The applicant must demonstrate competence as a scholar through a high level of previous academic performance and high percentile scores on the Graduate Management Admission Test or Graduate Record Examination. Scores may not be older than five years at the time of application. In addition, international applicants must present high scores on the Test of English as a Foreign Language, or IELTS.

Finally, the applicant must demonstrate the ability for doctoral study in business, either by a record of achievement in previous professional or academic experience, including research and scholarship, or through letters of recommendation and a personal interview.

These requirements are intended only as suggestions for minimum admission standards. They should not be construed as a guarantee of admission to the Ph.D. program.

A $65 nonrefundable application fee for domestic students and $75 for international students, payable to the University of Kansas, must accompany all applications.

Submit your graduate application online.

 

Doctor of Philosophy in Business

The program is designed for students who wish to become scholar-teachers. It develops the capacity for original research and effective teaching by providing mastery of the knowledge in a particular field, a thorough understanding of research methodology, the ability to communicate effectively, and the motivation for continuing self-education. Students must specialize in a concentration and develop a broad knowledge of other areas of business and their interrelationships in the management function.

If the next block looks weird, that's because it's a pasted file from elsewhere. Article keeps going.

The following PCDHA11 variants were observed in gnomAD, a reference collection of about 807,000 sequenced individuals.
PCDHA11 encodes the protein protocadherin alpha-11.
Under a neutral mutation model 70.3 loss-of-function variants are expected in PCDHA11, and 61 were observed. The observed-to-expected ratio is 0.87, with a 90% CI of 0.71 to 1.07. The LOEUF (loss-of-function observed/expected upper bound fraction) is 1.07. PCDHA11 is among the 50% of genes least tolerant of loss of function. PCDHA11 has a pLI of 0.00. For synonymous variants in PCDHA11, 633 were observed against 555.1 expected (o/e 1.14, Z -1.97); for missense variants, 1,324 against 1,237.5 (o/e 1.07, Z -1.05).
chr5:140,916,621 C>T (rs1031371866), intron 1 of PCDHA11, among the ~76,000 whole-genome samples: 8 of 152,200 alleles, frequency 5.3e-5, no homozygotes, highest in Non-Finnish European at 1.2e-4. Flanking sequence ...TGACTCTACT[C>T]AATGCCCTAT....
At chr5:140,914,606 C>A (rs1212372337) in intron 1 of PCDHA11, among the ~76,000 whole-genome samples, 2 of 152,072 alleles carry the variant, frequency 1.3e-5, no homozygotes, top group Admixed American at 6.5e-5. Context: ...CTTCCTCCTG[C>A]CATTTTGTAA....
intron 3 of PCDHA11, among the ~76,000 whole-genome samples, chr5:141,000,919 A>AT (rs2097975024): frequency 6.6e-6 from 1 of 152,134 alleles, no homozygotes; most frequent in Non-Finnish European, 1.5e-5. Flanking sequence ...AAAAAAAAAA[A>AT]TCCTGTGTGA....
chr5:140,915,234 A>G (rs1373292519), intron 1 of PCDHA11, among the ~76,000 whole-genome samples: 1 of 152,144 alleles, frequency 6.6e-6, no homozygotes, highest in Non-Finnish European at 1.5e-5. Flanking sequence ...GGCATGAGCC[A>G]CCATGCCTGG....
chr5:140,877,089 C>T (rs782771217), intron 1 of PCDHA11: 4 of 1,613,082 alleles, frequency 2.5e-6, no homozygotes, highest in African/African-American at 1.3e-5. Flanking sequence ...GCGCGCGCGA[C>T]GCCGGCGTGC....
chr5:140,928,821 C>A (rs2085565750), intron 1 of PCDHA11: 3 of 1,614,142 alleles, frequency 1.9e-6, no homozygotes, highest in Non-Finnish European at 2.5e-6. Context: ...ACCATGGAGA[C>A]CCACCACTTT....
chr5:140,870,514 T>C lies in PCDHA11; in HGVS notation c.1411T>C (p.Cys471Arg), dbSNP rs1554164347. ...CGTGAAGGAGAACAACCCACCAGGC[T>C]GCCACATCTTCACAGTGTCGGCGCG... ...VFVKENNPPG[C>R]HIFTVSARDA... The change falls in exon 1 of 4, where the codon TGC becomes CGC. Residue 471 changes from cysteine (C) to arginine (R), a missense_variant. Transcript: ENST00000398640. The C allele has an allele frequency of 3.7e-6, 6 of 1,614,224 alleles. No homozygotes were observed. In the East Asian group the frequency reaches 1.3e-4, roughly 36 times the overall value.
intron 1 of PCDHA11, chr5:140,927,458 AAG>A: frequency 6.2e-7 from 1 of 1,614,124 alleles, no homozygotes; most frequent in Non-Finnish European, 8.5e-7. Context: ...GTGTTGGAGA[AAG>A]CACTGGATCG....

As of fall 2013, 42 students were enrolled in the Ph.D. program. The program will continue to be limited in size so each student can work closely with faculty members to receive substantial individual attention.

Ph.D. Degree Requirements

By the end of the third semester of the aspirant’s program (excluding summer sessions), an aspirant must complete the following qualifier requirements. All aspirants must demonstrate some proficiency in doing original research of publishable quality and some proficiency in teaching.

Human Resources Management, Organizational Behavior, and Strategic Management

Ph.D. students must take the following:

MGMT 905Philosophy of the Behavioral and Organizational Sciences3
MGMT 906Behavioral Research Methods4
MGMT 916Seminar in Organization Theory3
Select one of the following in microeconomic theory:3
Business Economics
Advanced Managerial Economics
Survey of Microeconomics

Finance

Ph.D. students must take the following: